Automatic NetSuite Cash Reconciliation
Completely automate NetSuite bank reconciliation. Payments, refunds, and disputes are automatically reconciled to a bank deposit record when Stripe notifies the integration that the funds have settled.
Right now, your cash reconciliation process most likely looks something like this:
- Export a CSV or report from your merchant gateway
- Import into Excel and figure out when transactions were originally processed based on the card type.
- Open up the deposit screen in NetSuite and attempt to select the transactions that were included in the bank deposit.
- Use the gateway reports to calculate the credit card processing fees, and other fees that may been issued against your account.
- If disputes/chargebacks were included in the day's batch deposit, manually create records in NetSuite and calculate total fees.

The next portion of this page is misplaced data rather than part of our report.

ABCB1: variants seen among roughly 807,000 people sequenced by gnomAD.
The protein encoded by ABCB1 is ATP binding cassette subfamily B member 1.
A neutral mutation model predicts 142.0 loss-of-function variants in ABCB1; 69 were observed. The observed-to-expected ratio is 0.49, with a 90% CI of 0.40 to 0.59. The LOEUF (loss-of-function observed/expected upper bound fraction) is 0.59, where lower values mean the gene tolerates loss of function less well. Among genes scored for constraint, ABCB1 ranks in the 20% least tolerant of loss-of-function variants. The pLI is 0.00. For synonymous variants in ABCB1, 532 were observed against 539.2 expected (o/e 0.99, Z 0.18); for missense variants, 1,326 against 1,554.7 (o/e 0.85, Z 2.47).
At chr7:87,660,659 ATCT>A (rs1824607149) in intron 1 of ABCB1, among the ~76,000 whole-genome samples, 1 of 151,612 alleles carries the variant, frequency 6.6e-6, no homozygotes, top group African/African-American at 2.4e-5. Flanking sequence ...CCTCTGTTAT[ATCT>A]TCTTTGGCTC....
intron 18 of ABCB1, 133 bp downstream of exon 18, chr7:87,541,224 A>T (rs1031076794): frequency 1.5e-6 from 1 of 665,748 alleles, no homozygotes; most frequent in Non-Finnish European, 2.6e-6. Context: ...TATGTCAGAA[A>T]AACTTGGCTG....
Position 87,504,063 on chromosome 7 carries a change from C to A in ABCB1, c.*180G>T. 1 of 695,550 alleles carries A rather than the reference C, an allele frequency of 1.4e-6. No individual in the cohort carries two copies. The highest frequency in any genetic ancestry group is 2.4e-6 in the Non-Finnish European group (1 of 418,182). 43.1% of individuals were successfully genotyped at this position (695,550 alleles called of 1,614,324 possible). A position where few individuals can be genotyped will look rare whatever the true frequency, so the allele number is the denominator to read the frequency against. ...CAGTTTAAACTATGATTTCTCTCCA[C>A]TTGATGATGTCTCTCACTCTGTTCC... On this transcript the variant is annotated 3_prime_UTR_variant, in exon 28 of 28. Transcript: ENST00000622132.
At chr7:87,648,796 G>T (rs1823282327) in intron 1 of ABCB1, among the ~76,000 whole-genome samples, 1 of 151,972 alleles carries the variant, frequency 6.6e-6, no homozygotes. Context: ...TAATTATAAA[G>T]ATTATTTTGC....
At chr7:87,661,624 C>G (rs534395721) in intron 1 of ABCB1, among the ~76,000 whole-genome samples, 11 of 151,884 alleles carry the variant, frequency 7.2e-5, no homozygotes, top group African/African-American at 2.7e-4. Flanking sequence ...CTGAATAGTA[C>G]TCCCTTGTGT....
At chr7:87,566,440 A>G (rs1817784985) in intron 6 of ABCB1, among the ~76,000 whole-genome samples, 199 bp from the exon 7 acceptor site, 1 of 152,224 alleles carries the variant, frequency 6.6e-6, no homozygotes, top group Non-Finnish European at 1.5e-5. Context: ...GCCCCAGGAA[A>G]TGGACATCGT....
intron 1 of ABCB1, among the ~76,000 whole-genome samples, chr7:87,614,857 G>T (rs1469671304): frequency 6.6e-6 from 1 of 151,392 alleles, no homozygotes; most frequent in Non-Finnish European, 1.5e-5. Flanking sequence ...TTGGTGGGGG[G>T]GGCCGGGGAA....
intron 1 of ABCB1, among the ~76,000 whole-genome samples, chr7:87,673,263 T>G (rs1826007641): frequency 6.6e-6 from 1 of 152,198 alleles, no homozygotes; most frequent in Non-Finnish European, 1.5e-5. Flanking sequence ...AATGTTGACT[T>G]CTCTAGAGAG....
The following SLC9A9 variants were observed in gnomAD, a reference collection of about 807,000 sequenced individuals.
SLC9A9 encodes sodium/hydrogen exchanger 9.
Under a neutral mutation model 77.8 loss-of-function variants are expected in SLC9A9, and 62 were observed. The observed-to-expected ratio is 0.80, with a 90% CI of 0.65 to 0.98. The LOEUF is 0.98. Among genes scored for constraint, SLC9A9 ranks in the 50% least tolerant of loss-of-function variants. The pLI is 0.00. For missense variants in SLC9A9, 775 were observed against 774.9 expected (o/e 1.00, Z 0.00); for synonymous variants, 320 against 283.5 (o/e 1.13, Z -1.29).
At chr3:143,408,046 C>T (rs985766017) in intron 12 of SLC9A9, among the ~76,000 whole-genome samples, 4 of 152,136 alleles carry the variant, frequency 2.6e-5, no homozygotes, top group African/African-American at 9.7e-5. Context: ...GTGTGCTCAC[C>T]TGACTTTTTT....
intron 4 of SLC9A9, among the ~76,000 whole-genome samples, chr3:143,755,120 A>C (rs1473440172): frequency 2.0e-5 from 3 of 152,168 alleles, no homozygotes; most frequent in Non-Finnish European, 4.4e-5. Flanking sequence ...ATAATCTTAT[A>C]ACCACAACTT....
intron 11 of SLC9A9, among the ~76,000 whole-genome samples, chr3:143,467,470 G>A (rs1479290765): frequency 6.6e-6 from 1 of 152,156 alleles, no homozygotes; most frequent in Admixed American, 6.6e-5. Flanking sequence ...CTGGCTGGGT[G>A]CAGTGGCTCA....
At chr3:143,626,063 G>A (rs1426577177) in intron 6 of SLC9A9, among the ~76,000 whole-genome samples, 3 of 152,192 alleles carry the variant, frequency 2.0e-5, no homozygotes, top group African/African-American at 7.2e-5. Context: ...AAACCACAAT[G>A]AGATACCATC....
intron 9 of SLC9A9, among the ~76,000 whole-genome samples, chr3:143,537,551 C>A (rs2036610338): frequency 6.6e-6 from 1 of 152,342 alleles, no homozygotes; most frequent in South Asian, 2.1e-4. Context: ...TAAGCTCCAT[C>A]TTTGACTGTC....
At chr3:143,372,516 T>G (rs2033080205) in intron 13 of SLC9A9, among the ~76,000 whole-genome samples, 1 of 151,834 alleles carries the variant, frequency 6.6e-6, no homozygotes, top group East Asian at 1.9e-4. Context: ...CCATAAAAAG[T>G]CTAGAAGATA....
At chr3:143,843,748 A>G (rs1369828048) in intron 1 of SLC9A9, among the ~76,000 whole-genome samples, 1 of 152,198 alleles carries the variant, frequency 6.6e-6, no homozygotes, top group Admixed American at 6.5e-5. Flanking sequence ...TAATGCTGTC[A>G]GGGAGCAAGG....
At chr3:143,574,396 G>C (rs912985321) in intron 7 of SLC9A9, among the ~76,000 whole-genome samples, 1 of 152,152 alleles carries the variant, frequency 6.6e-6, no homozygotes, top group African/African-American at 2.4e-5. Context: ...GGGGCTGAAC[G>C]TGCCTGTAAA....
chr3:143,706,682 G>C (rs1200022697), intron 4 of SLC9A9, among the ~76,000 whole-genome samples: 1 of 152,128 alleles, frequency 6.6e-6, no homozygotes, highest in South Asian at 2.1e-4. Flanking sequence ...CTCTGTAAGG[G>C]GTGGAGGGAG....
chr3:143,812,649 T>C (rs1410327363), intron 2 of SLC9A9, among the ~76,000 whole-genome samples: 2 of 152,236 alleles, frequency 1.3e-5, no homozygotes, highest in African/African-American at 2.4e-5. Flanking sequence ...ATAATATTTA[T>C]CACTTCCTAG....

- If you have multiple merchant accounts, multiple currencies, of slight variances between NetSuite payments and your settlement report, etc there are probably quite a few more steps!
SuiteSync completely automates this process. Bank deposits are created each business day without any manual work.
Here's how it works:
- SuiteSync creates payments and refunds for each transaction created in Stripe. These transactions post to the "Undeposited Funds" account in NetSuite.
- Stripe notifies SuiteSync that a payout (aka batch payment, transfer) has successfully arrived at your bank.
- SuiteSync creates a bank deposit record in NetSuite. The deposit contains all of the payments, refunds, and chargebacks contained in that day's bank deposit. Any processing fees, currency conversion fees, dispute fees, refunds for any fees, etc are calculated and included as separate line items posting to expense accounts that you choose.
This is an automated process that occurs every day. SuiteSync ensures that the deposit total and the date of the deposit match exactly what appears on your bank statement. Cash reconciliation is as simple as matching the bank deposit record to the deposit on your bank statement!
Here's a visual overview: